Then March 2020 rolled in. Emma was determined to keep her team so she dumped her office space. Then she realised, like so many of us did, that the pretty little home office corner we had decorated for the purpose of a small burst of light office admin wasn’t remotely fit for purpose when you had to sit on a hard kitchen chair perched by a tiny table with a charming (but utterly useless) 40W bulb for several hours at a time.

So she pivoted to offer consultations either to private clients who want to know how to create a home office that fits in with the rest of their home (Making Homework) or to caring employees worried about their staff. And yes she has tales of CEOs sending flowers and fruit to employees at home.

They have a duty of care to their staff she says.  As more people continue to work from home, or to stay at home long term, there will need to be legislation to address this. Bosses will need to contribute money towards a decent chair or a proper desk. Or help with bills and internet connections. At the moment some are really good about it and some have just left their employees to get on with it while expecting the same standard of work they had before.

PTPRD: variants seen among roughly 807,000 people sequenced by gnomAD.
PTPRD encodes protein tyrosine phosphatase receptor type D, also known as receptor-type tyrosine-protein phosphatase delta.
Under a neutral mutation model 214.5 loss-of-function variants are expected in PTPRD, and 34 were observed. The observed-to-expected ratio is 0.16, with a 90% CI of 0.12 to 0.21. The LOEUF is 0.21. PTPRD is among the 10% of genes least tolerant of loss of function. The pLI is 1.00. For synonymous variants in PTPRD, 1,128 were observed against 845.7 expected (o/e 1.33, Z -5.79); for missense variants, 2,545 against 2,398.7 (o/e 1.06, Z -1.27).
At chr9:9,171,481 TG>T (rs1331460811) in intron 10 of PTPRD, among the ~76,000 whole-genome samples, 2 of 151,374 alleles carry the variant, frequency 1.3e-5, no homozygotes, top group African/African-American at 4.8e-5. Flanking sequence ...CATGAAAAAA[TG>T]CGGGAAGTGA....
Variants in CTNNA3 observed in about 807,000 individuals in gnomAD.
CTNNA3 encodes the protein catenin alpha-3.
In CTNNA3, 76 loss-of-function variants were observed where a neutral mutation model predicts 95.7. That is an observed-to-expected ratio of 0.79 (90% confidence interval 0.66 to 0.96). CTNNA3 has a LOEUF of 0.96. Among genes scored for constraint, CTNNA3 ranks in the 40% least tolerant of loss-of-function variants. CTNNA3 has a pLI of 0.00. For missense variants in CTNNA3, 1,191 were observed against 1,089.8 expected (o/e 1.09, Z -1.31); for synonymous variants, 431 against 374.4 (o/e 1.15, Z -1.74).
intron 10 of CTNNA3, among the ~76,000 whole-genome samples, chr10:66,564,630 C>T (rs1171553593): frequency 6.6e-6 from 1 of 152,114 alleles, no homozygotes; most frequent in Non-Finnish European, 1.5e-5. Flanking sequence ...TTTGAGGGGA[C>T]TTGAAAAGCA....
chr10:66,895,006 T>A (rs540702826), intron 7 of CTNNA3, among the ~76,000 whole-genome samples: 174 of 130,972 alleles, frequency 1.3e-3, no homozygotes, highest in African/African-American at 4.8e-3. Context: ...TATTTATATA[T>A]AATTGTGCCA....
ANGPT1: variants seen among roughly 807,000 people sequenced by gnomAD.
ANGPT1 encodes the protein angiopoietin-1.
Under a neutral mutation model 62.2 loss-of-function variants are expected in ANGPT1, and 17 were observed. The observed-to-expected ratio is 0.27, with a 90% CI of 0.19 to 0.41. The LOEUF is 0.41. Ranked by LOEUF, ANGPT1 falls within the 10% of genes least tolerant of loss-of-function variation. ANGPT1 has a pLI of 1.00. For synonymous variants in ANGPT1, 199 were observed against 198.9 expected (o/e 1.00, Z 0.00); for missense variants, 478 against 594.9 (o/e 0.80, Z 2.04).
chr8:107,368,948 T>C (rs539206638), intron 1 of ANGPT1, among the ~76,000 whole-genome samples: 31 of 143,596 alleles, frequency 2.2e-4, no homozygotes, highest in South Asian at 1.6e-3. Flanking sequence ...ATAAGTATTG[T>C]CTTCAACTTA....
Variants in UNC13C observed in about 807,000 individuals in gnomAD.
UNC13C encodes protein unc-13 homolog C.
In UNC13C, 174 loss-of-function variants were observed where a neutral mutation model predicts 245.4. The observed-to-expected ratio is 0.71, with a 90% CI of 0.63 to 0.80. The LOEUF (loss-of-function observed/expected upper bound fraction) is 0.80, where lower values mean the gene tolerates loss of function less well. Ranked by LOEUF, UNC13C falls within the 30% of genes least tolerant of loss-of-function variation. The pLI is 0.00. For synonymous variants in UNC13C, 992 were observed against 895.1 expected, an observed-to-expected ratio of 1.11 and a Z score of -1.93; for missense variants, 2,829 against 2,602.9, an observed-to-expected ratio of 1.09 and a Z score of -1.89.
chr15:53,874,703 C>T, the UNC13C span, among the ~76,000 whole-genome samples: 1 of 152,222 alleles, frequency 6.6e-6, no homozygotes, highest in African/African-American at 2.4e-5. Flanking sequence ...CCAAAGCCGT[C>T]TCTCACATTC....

a home office can be small image via trifle creative
a home office can be small but functional image via trifle creative

One friend of mine, an employment lawyer (so you’d think her company would know better) has spent up to eight hours a day on zoom meetings while perched at her dressing table. The work hasn’t stopped just because the environment has changed.

Emma now offers consultations and sells home office packages based around a chair and a desk with the option to add accessories such as desk lamps and storage or create something completely bespoke to suit your needs. A 30 minute zoom meeting (make sure you don’t have too many others on that day) takes place after a detailed questionnaire has been filled in. This asks about your job and your requirements as well asking what distracts you during the working day and other similar details. Following the meeting to discuss how you might create a space that really works fo you there is a discount on purchases made.